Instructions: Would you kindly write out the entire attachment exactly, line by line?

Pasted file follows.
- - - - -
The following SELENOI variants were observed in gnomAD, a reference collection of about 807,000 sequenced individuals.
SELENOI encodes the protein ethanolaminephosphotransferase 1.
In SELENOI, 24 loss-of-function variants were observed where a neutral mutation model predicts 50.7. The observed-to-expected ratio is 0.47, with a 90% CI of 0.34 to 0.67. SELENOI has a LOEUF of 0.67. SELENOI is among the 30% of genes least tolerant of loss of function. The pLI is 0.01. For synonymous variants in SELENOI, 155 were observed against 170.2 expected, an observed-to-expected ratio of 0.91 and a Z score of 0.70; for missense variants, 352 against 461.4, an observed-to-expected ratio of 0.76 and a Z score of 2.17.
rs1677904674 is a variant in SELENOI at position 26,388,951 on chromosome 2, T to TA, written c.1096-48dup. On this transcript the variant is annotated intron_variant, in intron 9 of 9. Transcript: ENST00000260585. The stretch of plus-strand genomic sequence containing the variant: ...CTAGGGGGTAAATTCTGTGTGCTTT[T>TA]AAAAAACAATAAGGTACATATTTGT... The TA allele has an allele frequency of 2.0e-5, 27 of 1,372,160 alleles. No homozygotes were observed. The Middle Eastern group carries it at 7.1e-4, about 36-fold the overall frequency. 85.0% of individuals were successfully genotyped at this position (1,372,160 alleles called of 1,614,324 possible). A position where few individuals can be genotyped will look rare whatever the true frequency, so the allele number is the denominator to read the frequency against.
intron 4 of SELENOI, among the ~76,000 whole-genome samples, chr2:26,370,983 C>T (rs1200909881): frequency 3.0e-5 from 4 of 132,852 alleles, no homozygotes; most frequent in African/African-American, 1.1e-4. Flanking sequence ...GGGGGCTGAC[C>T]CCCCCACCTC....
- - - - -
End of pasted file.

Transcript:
The following SELENOI variants were observed in gnomAD, a reference collection of about 807,000 sequenced individuals.
SELENOI encodes the protein ethanolaminephosphotransferase 1.
In SELENOI, 24 loss-of-function variants were observed where a neutral mutation model predicts 50.7. The observed-to-expected ratio is 0.47, with a 90% CI of 0.34 to 0.67. SELENOI has a LOEUF of 0.67. SELENOI is among the 30% of genes least tolerant of loss of function. The pLI is 0.01. For synonymous variants in SELENOI, 155 were observed against 170.2 expected, an observed-to-expected ratio of 0.91 and a Z score of 0.70; for missense variants, 352 against 461.4, an observed-to-expected ratio of 0.76 and a Z score of 2.17.
rs1677904674 is a variant in SELENOI at position 26,388,951 on chromosome 2, T to TA, written c.1096-48dup. On this transcript the variant is annotated intron_variant, in intron 9 of 9. Transcript: ENST00000260585. The stretch of plus-strand genomic sequence containing the variant: ...CTAGGGGGTAAATTCTGTGTGCTTT[T>TA]AAAAAACAATAAGGTACATATTTGT... The TA allele has an allele frequency of 2.0e-5, 27 of 1,372,160 alleles. No homozygotes were observed. The Middle Eastern group carries it at 7.1e-4, about 36-fold the overall frequency. 85.0% of individuals were successfully genotyped at this position (1,372,160 alleles called of 1,614,324 possible). A position where few individuals can be genotyped will look rare whatever the true frequency, so the allele number is the denominator to read the frequency against.
intron 4 of SELENOI, among the ~76,000 whole-genome samples, chr2:26,370,983 C>T (rs1200909881): frequency 3.0e-5 from 4 of 132,852 alleles, no homozygotes; most frequent in African/African-American, 1.1e-4. Flanking sequence ...GGGGGCTGAC[C>T]CCCCCACCTC....